“There is only one good, knowledge and one evil, ignorance.” – Socrates
Originally posted on : The ASAP blog
It was the summer of 2009. I was posted for my gynecologist outpatient department (OPD) posting during my undergrad days in nursing. It was a public hospital so the OPD was quiet full of senior residents, junior residents, nursing students like us who came for observation and clients from both rural and urban areas.
A male junior doctor was overviewing the case of Ms. Sita, a young rural, unmarried women in her 20’s who came to the OPD with her father. Her chief complaints were amenorrhea (cessation of menstruation) and vomiting for 3 months. After a quick history and baseline investigation, we determined that she was pregnant. The junior doctor tried explaining to the client about her pregnancy and her reaction drew the attention of other staff members. A senior female resident then quickly took that lady behind a private curtain and enquired about her sexual history. The young woman immediately broke down. She said her partner had pursued her for sexual relations and had told her that no physical relations before marriage would turn into pregnancy. She had no idea of contraception or pregnancy. The guy hadn’t contacted her after that day.
Looking at her naive explanation, I almost broke. I realized she was just an example of many more young women who land up in such situations out of ignorance. Had she known about sex, sexuality and contraception she wouldn’t have had to face such brunt consequences. The resident counseled her and her father regarding the availability of safe abortion services and contraception.
Luckily, Nepal legalized abortion in September 2002, a historic achievement for the reproductive health and rights of Nepalese women. The government began providing comprehensive abortion care (CAC) services in March 2004 and at present the services of medical abortion and comprehensive abortion services are running in an integrated way in all 75 districts up to the primary health center level. Had this young woman come a few years ago, she would have been behind bars for attempting abortion or been an unmarried mother and shun from society as a result.
Studies show that even after a decade of legalization of abortion in Nepal, many people still lack adequate knowledge regarding legal aspects of abortion, safe abortion services and complications of unsafe abortion. Only 38% of women are aware that abortion is legal in Nepal. In addition, their knowledge of the specific circumstances under which abortion is legal is poor.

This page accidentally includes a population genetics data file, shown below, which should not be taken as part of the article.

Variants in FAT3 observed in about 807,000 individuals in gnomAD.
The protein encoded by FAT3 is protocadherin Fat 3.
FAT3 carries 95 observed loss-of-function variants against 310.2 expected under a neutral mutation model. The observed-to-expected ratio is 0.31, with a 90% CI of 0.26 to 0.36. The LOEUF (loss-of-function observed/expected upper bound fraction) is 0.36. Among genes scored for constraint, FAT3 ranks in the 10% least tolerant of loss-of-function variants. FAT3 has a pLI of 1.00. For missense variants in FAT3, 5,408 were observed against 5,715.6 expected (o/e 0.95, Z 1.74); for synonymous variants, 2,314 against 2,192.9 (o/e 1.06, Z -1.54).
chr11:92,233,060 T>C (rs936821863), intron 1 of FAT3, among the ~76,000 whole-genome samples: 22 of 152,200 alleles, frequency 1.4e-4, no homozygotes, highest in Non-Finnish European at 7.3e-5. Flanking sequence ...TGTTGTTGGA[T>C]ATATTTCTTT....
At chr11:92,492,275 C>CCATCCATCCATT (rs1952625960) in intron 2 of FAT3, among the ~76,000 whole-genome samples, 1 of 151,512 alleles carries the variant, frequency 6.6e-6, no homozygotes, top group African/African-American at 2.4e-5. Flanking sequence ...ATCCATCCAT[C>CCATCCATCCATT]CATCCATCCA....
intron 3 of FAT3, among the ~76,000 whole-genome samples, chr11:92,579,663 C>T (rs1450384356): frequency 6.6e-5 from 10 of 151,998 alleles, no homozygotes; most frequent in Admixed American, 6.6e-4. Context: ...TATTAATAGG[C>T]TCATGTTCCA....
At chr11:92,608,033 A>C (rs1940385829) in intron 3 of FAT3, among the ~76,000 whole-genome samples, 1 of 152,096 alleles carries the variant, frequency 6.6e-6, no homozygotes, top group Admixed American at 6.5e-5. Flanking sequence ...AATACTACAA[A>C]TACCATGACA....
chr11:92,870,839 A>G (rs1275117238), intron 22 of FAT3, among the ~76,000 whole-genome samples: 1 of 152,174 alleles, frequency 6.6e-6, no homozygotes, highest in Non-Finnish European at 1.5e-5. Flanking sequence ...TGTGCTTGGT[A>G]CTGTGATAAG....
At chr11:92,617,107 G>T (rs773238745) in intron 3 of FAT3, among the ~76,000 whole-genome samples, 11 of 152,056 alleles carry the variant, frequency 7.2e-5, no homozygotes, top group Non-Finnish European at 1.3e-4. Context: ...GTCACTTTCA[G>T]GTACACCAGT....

Similarly, the most vulnerable group (women aged 15 – 45 years) are still unaware of the availability and accessibility of safe abortion services and current laws. A study conducted among women who’ve had an abortion showed that only 68% of the respondents knew about legalization of abortion (Sharma, 2008). Adolescent girls face higher risks of unintended pregnancies and unsafe abortion with devastating consequences for their health. As a result of early marriage, high fertility, lack of access and ability to use contraceptive, many forms of sexual exploitations, social, cultural and legal barriers young females are more prone to unwanted pregnancies and eventually may seek or use dangerous methods to terminate, leading to abortion complications (CREPHA, 2003). Like in case of Ms. Sita, had she known she was pregnant, she might have opted for other unsafe ways to terminate her pregnancy. It was her fate that she landed in that hospital.
If not provided with accurate and factual information regarding their sexual and reproductive health and rights, many young women can land up in situations like Ms. Sita. Hence, it is important to empower young women and men to have sexual and reproductive choices to avoid unwanted sexual contact, to make informed decisions about childbearing and to face fewer risks in the course of pregnancy and childbirth. In 2009, the government of Nepal’s Ministry of health and population, as a part of their Adolescent Sexual and reproductive health program and strategy, issued books on comprehensive sexuality education (CSE). The program was coordinated with schools through peer education programs. But unfortunately this was not been implemented in all the 75 districts of Nepal. If Ms. Sita had been a recipient of this program, she wouldn’t have landed in such situation.
Evidence worldwide shows that CSE reduces the incidences of unsafe abortion and empowers youth. I hope that someday Nepal’s comprehensive sexuality education program meets international standards. I hope it reaches every nook and corner of the country empowering more young women in days to come.
By Smriti Thapa
Sharma, M. (2008). abortion causes and consequences ( a case study of aborted women, in pokhara and kathmandu). Electronic location- 22.214.171.124:8000/cgi-bin/koha/opac-detail.pl?biblionumber=754 CREPHA. (2006).
Public Opinion on Unsafe Abortion in Nepal: Some facts and figures. Kathmandu. Retrieved from http://www.crehpa.org.np/pr_po.html.